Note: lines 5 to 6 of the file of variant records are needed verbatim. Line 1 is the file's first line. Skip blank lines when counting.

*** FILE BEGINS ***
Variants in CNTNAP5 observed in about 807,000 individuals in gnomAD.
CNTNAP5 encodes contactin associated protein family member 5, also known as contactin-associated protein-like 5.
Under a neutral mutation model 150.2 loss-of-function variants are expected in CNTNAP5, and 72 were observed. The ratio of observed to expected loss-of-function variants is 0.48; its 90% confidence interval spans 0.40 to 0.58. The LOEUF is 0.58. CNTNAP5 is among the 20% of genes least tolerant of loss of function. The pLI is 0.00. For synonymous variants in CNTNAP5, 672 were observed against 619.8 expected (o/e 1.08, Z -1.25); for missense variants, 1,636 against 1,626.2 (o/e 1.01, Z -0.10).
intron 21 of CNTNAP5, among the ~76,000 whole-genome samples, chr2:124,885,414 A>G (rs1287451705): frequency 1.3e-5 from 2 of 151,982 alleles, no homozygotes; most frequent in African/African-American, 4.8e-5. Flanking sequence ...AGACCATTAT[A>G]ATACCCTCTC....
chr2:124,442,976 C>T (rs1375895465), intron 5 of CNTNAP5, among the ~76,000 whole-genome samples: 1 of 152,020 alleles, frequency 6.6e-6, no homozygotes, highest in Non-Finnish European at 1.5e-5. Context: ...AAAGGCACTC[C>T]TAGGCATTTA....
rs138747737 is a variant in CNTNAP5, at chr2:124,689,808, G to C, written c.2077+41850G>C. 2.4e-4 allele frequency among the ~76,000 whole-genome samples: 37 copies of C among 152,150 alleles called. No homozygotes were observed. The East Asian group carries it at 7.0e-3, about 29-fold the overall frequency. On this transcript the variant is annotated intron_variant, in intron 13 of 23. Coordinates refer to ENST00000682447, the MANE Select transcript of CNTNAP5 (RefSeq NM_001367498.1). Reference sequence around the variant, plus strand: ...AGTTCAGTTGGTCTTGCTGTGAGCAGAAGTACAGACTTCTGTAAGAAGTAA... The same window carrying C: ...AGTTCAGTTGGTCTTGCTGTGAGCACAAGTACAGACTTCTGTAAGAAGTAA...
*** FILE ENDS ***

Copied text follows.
chr2:124,442,976 C>T (rs1375895465), intron 5 of CNTNAP5, among the ~76,000 whole-genome samples: 1 of 152,020 alleles, frequency 6.6e-6, no homozygotes, highest in Non-Finnish European at 1.5e-5. Context: ...AAAGGCACTC[C>T]TAGGCATTTA....
rs138747737 is a variant in CNTNAP5, at chr2:124,689,808, G to C, written c.2077+41850G>C. 2.4e-4 allele frequency among the ~76,000 whole-genome samples: 37 copies of C among 152,150 alleles called. No homozygotes were observed. The East Asian group carries it at 7.0e-3, about 29-fold the overall frequency. On this transcript the variant is annotated intron_variant, in intron 13 of 23. Coordinates refer to ENST00000682447, the MANE Select transcript of CNTNAP5 (RefSeq NM_001367498.1). Reference sequence around the variant, plus strand: ...AGTTCAGTTGGTCTTGCTGTGAGCAGAAGTACAGACTTCTGTAAGAAGTAA... The same window carrying C: ...AGTTCAGTTGGTCTTGCTGTGAGCACAAGTACAGACTTCTGTAAGAAGTAA...